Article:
I spotted this truck at the 4th Annual Goodguys Spring Nats in Scottsdale, Arizona. I was really taken back by it and thought...what a cool glimpse into the 1950s era, when a soda cost you 10 cents, and your cup holder was a good-lookin' gal next to you wearin' a poodle skirt. Nowadays, with the popularity of big wheels, LS engines, and air-ride suspensions, many people modernize these trucks light-years away from the original design. It surely makes you appreciate the vision of a truly vintage restoration. In keeping with tradition, Domingo "Mingo" Romero kept his '54 old school, and very cool in the process! Here's the history behind this white-walled modern daytime traveler.
Summer landscaping in Arizona is really tough, thankless work. I am sure it doesn't usually pay what it's worth, but in this case it did, big time! After work one day in 2005 Mingo and his son were passing through a neighborhood and saw this truck, not necessarily for sale. They knocked on the door to no answer, and decided to try again about a week later. After coming back to the area five different times, they finally got lucky. The truck belonged to a widow who decided to sell it after her husband passed away. She was asking $10k at the time, and told him it was running, but it needed a battery. Not immediately sold, Mingo had to think it over and left.
Some time had passed and he decided to go back for another look, he found it easily this time, but the owner was not home. Picture this: Mingo wanted to see if it ran, but couldn't wait for her to get home. So what would you do? Here's what they did … they got a battery, some primary wire, and hot-wired it. It sounds a little, OK, a lotta bit crazy, but the owner did tell him they could start it. I am guessing she meant using the key, and when she was home, but it all worked out in the end.
Hearing it run sealed the deal, and he's loved it ever since. He offered her $6k and drove it home the next day. It had a rebuilt original 235 straight-six, with three on the tree, and it ran great. Soon after, the restoration started when his good friend, Dennis Sanchez, took everything apart and started at the frame. It was in pieces all over his shop, so much so that Mingo worried that he wouldn't get it back together. At this point, the build could've moved in the customizing direction, but it stayed all original. Mingo even left the original 6-volt electrical system. He says, "It works great and I can still get the parts to keep it working, so why change it?"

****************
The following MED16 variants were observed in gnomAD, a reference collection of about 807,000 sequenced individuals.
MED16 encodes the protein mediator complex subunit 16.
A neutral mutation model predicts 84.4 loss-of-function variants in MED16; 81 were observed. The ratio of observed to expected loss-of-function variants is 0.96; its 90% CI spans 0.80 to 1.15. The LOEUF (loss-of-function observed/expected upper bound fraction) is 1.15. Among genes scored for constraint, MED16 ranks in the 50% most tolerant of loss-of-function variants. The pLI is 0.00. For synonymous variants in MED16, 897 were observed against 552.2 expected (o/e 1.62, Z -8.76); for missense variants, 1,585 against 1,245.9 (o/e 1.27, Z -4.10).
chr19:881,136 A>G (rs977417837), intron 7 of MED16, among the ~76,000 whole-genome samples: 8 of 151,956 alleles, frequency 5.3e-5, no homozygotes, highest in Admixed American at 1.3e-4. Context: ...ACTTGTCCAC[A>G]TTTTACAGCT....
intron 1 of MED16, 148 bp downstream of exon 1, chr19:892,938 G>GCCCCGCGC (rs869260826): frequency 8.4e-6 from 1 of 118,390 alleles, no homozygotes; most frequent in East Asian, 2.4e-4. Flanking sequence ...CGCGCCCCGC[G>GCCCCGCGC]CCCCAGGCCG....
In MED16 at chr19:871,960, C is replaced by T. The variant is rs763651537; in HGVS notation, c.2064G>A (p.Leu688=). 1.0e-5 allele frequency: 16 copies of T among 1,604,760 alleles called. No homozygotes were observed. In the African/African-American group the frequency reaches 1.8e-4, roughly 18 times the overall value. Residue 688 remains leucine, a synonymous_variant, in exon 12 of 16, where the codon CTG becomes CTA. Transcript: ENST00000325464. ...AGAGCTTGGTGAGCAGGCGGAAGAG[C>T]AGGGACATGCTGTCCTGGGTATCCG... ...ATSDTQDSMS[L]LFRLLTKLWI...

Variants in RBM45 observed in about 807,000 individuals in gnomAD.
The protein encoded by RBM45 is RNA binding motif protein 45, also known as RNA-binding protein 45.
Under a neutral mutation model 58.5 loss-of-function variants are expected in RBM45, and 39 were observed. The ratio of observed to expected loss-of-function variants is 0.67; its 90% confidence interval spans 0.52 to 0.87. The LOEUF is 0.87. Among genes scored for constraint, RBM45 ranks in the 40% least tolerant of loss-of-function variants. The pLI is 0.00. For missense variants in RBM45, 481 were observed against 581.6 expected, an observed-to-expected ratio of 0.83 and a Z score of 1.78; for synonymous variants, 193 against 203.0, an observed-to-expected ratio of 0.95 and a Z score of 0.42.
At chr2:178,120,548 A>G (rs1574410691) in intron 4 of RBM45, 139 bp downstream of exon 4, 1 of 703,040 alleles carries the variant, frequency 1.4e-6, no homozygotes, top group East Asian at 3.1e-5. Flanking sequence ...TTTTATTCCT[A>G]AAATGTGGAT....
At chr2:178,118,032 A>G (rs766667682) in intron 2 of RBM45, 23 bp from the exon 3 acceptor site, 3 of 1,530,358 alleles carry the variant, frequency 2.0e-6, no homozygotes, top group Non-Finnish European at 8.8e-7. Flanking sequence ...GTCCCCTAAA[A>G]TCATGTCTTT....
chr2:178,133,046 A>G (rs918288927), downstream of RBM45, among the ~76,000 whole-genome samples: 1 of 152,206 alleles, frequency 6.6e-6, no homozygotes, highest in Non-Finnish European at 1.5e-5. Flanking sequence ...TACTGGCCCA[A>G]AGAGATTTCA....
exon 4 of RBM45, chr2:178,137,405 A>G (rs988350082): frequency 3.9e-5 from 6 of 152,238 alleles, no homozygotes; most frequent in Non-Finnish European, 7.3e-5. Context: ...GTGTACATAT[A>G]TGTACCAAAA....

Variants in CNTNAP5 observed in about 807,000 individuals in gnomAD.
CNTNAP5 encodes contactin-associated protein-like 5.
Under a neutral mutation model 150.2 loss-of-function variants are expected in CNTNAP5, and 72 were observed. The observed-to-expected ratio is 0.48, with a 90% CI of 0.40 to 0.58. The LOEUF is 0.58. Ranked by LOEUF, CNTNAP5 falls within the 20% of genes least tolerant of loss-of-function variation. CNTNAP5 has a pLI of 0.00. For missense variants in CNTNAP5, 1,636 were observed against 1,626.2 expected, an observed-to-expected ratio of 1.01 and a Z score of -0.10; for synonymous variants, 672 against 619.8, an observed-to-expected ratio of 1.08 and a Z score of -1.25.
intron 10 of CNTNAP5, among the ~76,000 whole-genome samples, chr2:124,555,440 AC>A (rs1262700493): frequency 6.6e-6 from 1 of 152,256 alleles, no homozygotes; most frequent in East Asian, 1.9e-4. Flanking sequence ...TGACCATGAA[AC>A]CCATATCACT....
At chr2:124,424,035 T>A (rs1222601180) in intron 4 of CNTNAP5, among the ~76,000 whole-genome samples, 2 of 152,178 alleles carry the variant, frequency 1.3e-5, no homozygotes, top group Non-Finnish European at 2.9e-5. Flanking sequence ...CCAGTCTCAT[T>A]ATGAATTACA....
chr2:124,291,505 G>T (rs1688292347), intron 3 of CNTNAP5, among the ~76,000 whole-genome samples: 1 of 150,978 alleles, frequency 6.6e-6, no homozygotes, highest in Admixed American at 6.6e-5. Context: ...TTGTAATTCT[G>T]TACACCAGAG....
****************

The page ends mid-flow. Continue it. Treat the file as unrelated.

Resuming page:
In this resto's case, it's the color that really grabs your attention. It's called "Firepepper Red Pearl" – a 1999 Honda color that should have been offered by Chevy in 1954. It's really well suited for this truck, and the 16-inch steelies with Coker 600 wide whites are the perfect shoes as well. Finally, after sanding and painting every piece over the next year or so, it was assembled and finished! Unfortunately, Dennis passed away soon after, but they were very good friends and the quality of his work is timeless.
The interior is original except for Albert Gonzales' painted graphics on the door panels. Behind the factory tri-spoke steering wheel are the definitive round combination gauges. The brown leather bench seat looks nice and enhances the paint color. The oak bed is finished with low gloss sheen to complete the look, and combat the sunrays. It's not a daily driver, but he drives it to the local Goodguys shows and even gets in some weekend cruising.
In 2009, he joined Phoeniquera Classics, a local club with a long history of nice period-correct cruisers. This has taken him to various shows and brought him many trophies! It's hard to believe that you could restore this truck for $10k, but that's about how much he's invested to date. Not bad for a beautiful, old-fashioned piece of history that's driven and enjoyed!
Frame: stock 1954
Rearend / Ratio: GM 10-bolt 3.08
Rear Suspension: factory
Rear Brakes: GM 10-inch drum
Front Suspension: factory
Front Brakes: GM 10-inch drum
Steering Box: GM 605
Front Wheels: factory 16x7
Rear Wheels: factory 16x7
Front Tires: Coker 600, 16-inch wide whites
Rear Tires: Coker 600, 16-inch wide whites
Gas Tank: stock aluminum
Engine: original factory 235 straight-six
Head: stock iron
Valve Covers: factory cast aluminum
Manifold / Induction: factory cast iron
Exhaust / Mufflers: glasspacks
Transmission: GM Synchro three-speed column shift
Fenders Front / Rear: stock
Bed: Bruce Horkey oak
Bodywork and Paint by: Lincoln Industries by painter Dennis Sanchez. Graphics by Albert Gonzales
Paint Type / Color: PPG Red Firepepper Pearl
Headlights / Taillights: stock
Outside Mirrors: stock
Bumpers: stock front/rear 1954 plated by Chevy Classics, Orange County, California
Gauges: stock 1954
Stereo: radio delete
Steering Wheel: factory three-spoke
Steering Column: Stock 1954
Seats: factory bench seat
Upholstery By: N/A
Material / Color: dark saddle-brown leather
Carpet: carpet delete